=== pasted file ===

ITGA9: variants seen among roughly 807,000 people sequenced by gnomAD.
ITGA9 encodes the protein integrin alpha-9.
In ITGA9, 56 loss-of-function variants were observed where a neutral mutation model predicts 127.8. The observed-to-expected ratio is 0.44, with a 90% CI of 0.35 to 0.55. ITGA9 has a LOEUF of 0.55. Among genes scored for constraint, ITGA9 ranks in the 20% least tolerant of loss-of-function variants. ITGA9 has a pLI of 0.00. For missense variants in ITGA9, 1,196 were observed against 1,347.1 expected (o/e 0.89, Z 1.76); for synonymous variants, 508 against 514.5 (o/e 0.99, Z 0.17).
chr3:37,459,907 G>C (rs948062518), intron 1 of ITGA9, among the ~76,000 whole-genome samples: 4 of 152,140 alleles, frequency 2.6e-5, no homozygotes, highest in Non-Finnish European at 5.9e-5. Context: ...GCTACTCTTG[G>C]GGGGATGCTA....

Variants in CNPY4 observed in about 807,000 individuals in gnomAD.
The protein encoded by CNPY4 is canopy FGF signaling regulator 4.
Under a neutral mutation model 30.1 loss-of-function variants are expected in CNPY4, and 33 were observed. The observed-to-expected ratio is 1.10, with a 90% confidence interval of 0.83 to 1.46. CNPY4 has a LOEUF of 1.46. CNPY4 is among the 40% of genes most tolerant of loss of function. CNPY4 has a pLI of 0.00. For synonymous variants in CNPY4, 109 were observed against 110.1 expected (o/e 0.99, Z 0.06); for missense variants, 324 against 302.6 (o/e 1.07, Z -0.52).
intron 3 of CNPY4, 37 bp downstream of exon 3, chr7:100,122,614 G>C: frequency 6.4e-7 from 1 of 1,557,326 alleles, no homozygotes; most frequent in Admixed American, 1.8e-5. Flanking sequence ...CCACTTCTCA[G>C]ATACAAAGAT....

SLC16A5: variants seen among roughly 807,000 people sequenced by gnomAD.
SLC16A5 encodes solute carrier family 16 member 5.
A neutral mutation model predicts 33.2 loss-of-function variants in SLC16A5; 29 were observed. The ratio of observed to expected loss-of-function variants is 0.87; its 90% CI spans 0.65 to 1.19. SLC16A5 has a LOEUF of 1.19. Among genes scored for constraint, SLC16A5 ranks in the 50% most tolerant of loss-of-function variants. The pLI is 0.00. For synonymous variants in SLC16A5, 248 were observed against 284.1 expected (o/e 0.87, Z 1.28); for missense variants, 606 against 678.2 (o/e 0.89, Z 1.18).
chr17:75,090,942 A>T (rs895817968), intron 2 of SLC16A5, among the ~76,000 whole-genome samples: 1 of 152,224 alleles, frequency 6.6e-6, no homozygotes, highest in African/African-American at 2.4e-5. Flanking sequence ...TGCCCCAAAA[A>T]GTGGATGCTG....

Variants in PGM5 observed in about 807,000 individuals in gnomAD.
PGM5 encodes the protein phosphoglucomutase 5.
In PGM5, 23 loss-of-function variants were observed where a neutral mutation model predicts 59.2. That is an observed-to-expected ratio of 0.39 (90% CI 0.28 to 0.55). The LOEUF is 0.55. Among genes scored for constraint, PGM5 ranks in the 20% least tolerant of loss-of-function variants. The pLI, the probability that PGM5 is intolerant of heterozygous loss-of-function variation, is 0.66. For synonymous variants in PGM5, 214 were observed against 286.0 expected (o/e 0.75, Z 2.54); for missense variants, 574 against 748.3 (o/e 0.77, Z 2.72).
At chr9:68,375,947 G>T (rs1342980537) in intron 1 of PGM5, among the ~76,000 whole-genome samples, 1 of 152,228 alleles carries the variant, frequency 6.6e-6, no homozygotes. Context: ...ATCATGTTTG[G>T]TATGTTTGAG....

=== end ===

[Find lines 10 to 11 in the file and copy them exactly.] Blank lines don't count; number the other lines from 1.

SLC16A5 encodes solute carrier family 16 member 5.
A neutral mutation model predicts 33.2 loss-of-function variants in SLC16A5; 29 were observed. The ratio of observed to expected loss-of-function variants is 0.87; its 90% CI spans 0.65 to 1.19. SLC16A5 has a LOEUF of 1.19. Among genes scored for constraint, SLC16A5 ranks in the 50% most tolerant of loss-of-function variants. The pLI is 0.00. For synonymous variants in SLC16A5, 248 were observed against 284.1 expected (o/e 0.87, Z 1.28); for missense variants, 606 against 678.2 (o/e 0.89, Z 1.18).